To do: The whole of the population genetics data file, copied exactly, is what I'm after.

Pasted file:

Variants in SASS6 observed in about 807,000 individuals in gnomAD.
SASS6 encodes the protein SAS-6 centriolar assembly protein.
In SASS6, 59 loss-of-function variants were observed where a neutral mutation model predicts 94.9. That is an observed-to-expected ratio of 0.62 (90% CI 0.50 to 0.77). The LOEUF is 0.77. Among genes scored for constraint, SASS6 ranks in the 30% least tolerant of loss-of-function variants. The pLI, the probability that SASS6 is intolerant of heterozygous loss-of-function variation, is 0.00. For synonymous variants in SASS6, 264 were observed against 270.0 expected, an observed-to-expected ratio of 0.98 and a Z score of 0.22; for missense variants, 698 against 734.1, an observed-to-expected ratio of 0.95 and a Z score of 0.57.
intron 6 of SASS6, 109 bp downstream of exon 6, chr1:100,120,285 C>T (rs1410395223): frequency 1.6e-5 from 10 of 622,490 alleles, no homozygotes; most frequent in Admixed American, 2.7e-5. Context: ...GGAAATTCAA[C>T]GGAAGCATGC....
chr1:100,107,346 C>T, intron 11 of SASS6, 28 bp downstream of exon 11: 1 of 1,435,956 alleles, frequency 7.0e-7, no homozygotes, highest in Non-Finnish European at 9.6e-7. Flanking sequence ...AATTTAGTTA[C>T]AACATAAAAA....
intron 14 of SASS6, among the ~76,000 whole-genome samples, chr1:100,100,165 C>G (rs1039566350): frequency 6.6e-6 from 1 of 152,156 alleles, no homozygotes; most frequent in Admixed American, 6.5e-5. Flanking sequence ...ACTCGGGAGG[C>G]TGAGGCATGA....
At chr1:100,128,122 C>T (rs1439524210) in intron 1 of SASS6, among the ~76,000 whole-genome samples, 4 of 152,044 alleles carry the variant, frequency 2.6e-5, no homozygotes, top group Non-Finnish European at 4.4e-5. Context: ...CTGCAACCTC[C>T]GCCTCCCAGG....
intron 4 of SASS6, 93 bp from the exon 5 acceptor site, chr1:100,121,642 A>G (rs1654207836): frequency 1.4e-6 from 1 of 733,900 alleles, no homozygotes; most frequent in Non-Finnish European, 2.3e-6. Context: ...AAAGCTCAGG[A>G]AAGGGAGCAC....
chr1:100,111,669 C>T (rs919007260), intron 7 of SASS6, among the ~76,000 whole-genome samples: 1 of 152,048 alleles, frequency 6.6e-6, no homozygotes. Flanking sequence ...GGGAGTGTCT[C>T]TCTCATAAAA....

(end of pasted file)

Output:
Variants in SASS6 observed in about 807,000 individuals in gnomAD.
SASS6 encodes the protein SAS-6 centriolar assembly protein.
In SASS6, 59 loss-of-function variants were observed where a neutral mutation model predicts 94.9. That is an observed-to-expected ratio of 0.62 (90% CI 0.50 to 0.77). The LOEUF is 0.77. Among genes scored for constraint, SASS6 ranks in the 30% least tolerant of loss-of-function variants. The pLI, the probability that SASS6 is intolerant of heterozygous loss-of-function variation, is 0.00. For synonymous variants in SASS6, 264 were observed against 270.0 expected, an observed-to-expected ratio of 0.98 and a Z score of 0.22; for missense variants, 698 against 734.1, an observed-to-expected ratio of 0.95 and a Z score of 0.57.
intron 6 of SASS6, 109 bp downstream of exon 6, chr1:100,120,285 C>T (rs1410395223): frequency 1.6e-5 from 10 of 622,490 alleles, no homozygotes; most frequent in Admixed American, 2.7e-5. Context: ...GGAAATTCAA[C>T]GGAAGCATGC....
chr1:100,107,346 C>T, intron 11 of SASS6, 28 bp downstream of exon 11: 1 of 1,435,956 alleles, frequency 7.0e-7, no homozygotes, highest in Non-Finnish European at 9.6e-7. Flanking sequence ...AATTTAGTTA[C>T]AACATAAAAA....
intron 14 of SASS6, among the ~76,000 whole-genome samples, chr1:100,100,165 C>G (rs1039566350): frequency 6.6e-6 from 1 of 152,156 alleles, no homozygotes; most frequent in Admixed American, 6.5e-5. Flanking sequence ...ACTCGGGAGG[C>G]TGAGGCATGA....
At chr1:100,128,122 C>T (rs1439524210) in intron 1 of SASS6, among the ~76,000 whole-genome samples, 4 of 152,044 alleles carry the variant, frequency 2.6e-5, no homozygotes, top group Non-Finnish European at 4.4e-5. Context: ...CTGCAACCTC[C>T]GCCTCCCAGG....
intron 4 of SASS6, 93 bp from the exon 5 acceptor site, chr1:100,121,642 A>G (rs1654207836): frequency 1.4e-6 from 1 of 733,900 alleles, no homozygotes; most frequent in Non-Finnish European, 2.3e-6. Context: ...AAAGCTCAGG[A>G]AAGGGAGCAC....
chr1:100,111,669 C>T (rs919007260), intron 7 of SASS6, among the ~76,000 whole-genome samples: 1 of 152,048 alleles, frequency 6.6e-6, no homozygotes. Flanking sequence ...GGGAGTGTCT[C>T]TCTCATAAAA....